And Yet They Move


Io at different infrared wavelengths. The bar on the right of each image indicates the intensity of the infrared emission. Credit: Imke de Pater and Katherine de Kleer, UC Berkeley,


Jan 19, 2015

Io’s caldera continue to puzzle scientists.

Previous Pictures of the Day discuss several confirmed predictions about electrical activity on Io, notably, the intense electric arcing between the moon and its parent body, Jupiter. Images of Io verify that Io ought to be considered from an electric discharge hypothesis, rather than the commonly accepted view. The majority of planetary scientists think that Io is being “kneaded” by tidal forces in Jupiter’s gravity field.

According to a recent press release, volcanoes (as those planetary scientists believe) are erupting on Io with larger and brighter plumes that ever before. Imke de Pater, from the University of California at Berkeley said:

“We typically expect one huge outburst every one or two years, and they’re usually not this bright. Here we had three extremely bright outbursts, which suggest that if we looked more frequently we might see many more of them on Io.”

Since Io is electrically connected to Jupiter, such variability is not unexpected in an Electric Universe. The most active regions are found along the edges of so-called “lava lakes,” while the remainder of the dark umbras surrounding them are extremely cold. No volcanic vents are seen. “Plumes” of erupting gas and dust move across Io, as illustrated by the Prometheus hot spot. However, that spot moved more than 80 kilometers since it was first imaged by Voyager 2. Galileo mission specialists were shocked when they realized that Io’s volcanic plumes also emit ultraviolet light, characteristic of electric arcs.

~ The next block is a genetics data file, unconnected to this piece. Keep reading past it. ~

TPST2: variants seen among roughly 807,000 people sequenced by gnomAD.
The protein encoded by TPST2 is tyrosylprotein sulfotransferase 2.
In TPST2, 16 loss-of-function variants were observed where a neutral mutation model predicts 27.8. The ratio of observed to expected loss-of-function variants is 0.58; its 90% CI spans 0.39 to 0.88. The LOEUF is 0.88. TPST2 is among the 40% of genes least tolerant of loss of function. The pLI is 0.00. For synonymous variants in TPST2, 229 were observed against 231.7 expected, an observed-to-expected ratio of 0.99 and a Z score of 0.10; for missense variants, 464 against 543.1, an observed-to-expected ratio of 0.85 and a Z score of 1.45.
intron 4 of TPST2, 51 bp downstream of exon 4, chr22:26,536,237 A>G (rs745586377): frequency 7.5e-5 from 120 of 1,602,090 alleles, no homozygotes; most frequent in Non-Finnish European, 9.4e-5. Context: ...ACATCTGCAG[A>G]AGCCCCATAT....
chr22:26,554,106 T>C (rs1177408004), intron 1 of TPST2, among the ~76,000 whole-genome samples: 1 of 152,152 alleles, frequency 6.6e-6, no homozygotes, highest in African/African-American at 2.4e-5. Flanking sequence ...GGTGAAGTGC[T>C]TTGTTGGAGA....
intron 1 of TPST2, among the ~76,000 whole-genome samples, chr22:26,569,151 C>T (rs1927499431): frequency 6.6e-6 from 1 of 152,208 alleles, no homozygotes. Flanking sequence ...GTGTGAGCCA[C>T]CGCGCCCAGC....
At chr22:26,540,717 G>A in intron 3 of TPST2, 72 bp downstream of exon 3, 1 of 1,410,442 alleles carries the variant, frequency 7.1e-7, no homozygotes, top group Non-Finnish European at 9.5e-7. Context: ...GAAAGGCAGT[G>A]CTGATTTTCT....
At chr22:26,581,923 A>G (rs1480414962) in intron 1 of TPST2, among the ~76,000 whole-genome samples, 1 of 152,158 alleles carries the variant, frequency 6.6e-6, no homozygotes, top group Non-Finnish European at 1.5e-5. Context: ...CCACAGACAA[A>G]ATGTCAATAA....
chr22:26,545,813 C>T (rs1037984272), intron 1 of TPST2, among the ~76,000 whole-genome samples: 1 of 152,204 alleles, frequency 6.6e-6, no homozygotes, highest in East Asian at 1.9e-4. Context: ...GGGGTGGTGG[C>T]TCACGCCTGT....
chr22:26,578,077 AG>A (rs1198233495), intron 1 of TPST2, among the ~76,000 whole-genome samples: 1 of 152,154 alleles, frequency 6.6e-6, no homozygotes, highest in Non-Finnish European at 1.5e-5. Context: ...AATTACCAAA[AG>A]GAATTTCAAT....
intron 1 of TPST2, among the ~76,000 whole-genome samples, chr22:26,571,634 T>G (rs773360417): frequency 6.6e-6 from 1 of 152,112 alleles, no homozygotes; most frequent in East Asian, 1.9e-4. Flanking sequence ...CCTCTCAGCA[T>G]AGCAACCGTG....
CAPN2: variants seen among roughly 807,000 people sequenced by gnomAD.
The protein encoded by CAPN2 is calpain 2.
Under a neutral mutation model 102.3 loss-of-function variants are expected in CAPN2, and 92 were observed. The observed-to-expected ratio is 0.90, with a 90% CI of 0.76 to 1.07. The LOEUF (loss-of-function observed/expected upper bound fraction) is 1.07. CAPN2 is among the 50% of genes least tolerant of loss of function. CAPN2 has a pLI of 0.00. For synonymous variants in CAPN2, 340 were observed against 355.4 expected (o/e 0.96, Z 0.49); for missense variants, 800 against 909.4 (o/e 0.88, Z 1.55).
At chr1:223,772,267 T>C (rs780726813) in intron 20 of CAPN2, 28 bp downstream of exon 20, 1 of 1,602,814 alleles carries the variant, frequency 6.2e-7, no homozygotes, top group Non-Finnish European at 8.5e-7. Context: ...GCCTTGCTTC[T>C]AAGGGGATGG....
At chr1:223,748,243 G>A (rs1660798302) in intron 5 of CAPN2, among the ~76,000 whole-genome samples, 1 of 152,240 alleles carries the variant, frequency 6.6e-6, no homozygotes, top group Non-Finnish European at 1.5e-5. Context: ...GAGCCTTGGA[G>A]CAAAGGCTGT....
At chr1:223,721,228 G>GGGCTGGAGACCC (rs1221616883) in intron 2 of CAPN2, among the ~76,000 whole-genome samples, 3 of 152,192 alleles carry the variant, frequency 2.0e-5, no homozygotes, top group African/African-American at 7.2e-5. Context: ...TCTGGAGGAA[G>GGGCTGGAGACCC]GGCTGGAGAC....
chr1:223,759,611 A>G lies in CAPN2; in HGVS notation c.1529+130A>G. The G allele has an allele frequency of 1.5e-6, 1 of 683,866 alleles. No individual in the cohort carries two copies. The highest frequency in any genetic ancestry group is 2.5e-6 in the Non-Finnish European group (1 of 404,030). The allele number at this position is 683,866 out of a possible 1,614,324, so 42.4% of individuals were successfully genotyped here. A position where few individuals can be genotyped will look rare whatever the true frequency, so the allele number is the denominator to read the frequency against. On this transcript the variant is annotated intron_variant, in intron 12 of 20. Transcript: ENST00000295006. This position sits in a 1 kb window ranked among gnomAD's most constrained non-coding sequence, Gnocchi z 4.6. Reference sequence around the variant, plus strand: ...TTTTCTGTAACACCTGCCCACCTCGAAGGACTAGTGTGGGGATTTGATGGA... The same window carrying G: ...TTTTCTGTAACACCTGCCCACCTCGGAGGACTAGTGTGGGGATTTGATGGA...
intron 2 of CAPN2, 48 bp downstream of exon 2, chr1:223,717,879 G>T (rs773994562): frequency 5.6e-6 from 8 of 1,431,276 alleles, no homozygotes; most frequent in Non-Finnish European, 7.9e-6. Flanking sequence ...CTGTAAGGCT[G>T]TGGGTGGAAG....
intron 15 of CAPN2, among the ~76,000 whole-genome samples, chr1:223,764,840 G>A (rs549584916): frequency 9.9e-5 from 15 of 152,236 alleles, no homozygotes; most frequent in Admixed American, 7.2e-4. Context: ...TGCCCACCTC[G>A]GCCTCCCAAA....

Images of the Tvashtar volcano near the north pole of Io reveal a volcanic plume, extending 290 kilometers above the surface. As NASA reported at the time:

“The remarkable filamentary structure in the Tvashtar plume is similar to details glimpsed faintly in 1979 Voyager images of a similar plume produced by Io’s volcano Pele. However, no previous image by any spacecraft has shown these mysterious structures so clearly.”

Most of Io’s hot spots appear to be located between 30 degrees and 60 degrees farther east than models of its internal heat profile predict, a recent article announced. Christopher Hamilton from the University of Maryland said:

“The unexpected eastward offset of the volcano locations is a clue that something is missing in our understanding of Io. In a way, that’s our most important result. Our understanding of tidal heat production and its relationship to surface volcanism is incomplete.”

From a conventional perspective, the filamentary structure of Io’s plumes will never be adequately explained. Nor will the anomalous movement of the caldera across its surface. Since Io and Jupiter are immersed in an electric field, and the induced charge flow between them dissipates more than 2 trillion watts, the electrical circuit on Io is concentrating the intense bombardment from Jupiter into several “plasma guns,” or dense plasma foci.

NASA scientists acknowledge the electrical activity in the Jovian system, but fail to draw the logical conclusion. As noted plasma physicist Anthony Peratt observed:

“The apparent filamentary penumbra on Io may be the first direct verification of the plasma gun mechanism at work in the solar system.”

The variability in the so-called volcanic eruptions is most likely another indication of the electrical connection between Jupiter and its moons.

Stephen Smith

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